Depending on the process his teams are working in and based on the levels of interpersonal engagement of his teammates, a mid-level manager needs to manage two teams, which are −

  • The Relationship Team
  • The Transactional Team

The Relationship Team

The Relationship Team is responsible for the smooth functioning of an organization. This team is based on proper scheduling and constant efforts to find out innovative and effective ways for improvement. A Relationship Team doesn’t operate within a specific time table. In fact, it is a team working on a long-term basis for continuous improvement of the organization, which is a never-ending process.

The Transactional Team

Transactional Teams work on projects that have a well-defined and pre-decided beginning and ending point. These projects can be easily identified and have clear objectives. In contrast to a Relationship Team, which has a more holistic approach to work, these teams have a certain project, which once completed, may result in dispersal of the team members. The time associated with these teams are often short term in nature.

A mid-level manager delivers results by collectively leading and guiding teams irrespective of their size. In such cases, it is crucial to first have a good understanding of the objectives and the resources of the teams. Be it a Relationship Team or a Transactional Team, the job of a midlevel manager is to lead the individuals towards improvement in their performance and productivity.

From the clients’ point of view, they might perceive a mid-level manager to be a part of two teams. The Mid-level managers take dual responsibilities of harnessing talent and managing operations at the same time. They also report to higher authorities and suggest changes to the working model depending on the environment.

Managing Professional and Personal Life Balance

A question that has for a long time invited innumerable rounds of discussions and has perplexed many of the researchers and experts is – “What does the idea of perfect professional-personal balance in the life of a manager look like?”. People have a mental image of managers working for the most number of hours in a week, or even on weekends and so on, and truth be told, many such managers exist. However, spending more hours on work does not necessarily make a manager productive.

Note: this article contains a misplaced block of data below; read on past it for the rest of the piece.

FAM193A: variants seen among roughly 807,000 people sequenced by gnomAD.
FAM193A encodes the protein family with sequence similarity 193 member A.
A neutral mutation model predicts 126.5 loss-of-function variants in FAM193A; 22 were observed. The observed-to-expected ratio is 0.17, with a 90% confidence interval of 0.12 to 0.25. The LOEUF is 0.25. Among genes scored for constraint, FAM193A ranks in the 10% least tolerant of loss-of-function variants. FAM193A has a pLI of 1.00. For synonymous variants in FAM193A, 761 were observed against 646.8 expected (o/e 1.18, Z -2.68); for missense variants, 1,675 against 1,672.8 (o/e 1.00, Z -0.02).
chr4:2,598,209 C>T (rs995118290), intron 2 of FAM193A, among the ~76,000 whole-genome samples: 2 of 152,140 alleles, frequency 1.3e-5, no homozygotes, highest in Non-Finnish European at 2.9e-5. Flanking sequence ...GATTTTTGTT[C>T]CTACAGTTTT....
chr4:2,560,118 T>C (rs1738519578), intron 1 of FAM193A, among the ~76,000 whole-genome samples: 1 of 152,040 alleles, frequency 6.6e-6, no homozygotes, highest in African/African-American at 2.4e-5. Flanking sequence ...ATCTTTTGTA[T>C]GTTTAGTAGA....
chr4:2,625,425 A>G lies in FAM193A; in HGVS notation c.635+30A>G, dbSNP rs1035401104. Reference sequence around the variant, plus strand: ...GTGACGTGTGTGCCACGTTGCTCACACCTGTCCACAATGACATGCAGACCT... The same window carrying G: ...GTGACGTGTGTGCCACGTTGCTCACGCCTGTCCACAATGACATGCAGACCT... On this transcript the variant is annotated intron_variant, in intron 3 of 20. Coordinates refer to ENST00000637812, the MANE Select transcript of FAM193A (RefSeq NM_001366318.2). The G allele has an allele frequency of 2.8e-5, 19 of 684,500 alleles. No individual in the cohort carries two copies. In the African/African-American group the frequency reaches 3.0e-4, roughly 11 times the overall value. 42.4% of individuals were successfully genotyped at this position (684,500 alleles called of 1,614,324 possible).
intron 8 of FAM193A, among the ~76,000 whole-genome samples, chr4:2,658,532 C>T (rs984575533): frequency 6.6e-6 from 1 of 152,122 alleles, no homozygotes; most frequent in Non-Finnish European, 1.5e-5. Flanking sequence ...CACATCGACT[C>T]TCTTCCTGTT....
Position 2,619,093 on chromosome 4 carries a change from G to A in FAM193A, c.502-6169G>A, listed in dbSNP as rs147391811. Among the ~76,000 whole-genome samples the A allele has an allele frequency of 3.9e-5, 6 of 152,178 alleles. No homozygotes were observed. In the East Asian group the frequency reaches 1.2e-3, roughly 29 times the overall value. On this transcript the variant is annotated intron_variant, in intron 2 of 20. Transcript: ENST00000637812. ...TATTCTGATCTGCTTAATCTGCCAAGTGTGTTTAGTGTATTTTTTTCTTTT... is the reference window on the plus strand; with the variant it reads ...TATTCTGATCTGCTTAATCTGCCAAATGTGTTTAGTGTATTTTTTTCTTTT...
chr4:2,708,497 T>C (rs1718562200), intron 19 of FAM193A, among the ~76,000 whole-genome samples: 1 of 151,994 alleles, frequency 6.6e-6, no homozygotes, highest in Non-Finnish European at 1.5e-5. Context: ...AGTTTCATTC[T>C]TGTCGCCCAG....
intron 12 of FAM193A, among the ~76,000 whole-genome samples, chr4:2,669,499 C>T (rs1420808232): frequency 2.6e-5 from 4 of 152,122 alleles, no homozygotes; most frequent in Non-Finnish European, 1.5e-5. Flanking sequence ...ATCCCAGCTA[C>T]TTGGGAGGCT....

An efficient manager knows how to balance his personal and personal life by dividing his life into sets of priorities and coming out with a priority list that starts from the most important ones and ends with those priorities that can almost be ignored. Generally, this priority list is arranged in a chronological order.

Again, a single priority list cannot be generalized and presented for all managers as all of them work under different circumstances and scenarios. Excellent leaders value both their personal as well as their personal lives. So, the mid-level managers should find out a sweet spot of balance between professional and personal life and stay accustomed to it. At same time, mid-level managers should always keep in mind that their subordinates also face the same dilemma between their personal and professional lives and they should acknowledge that as well.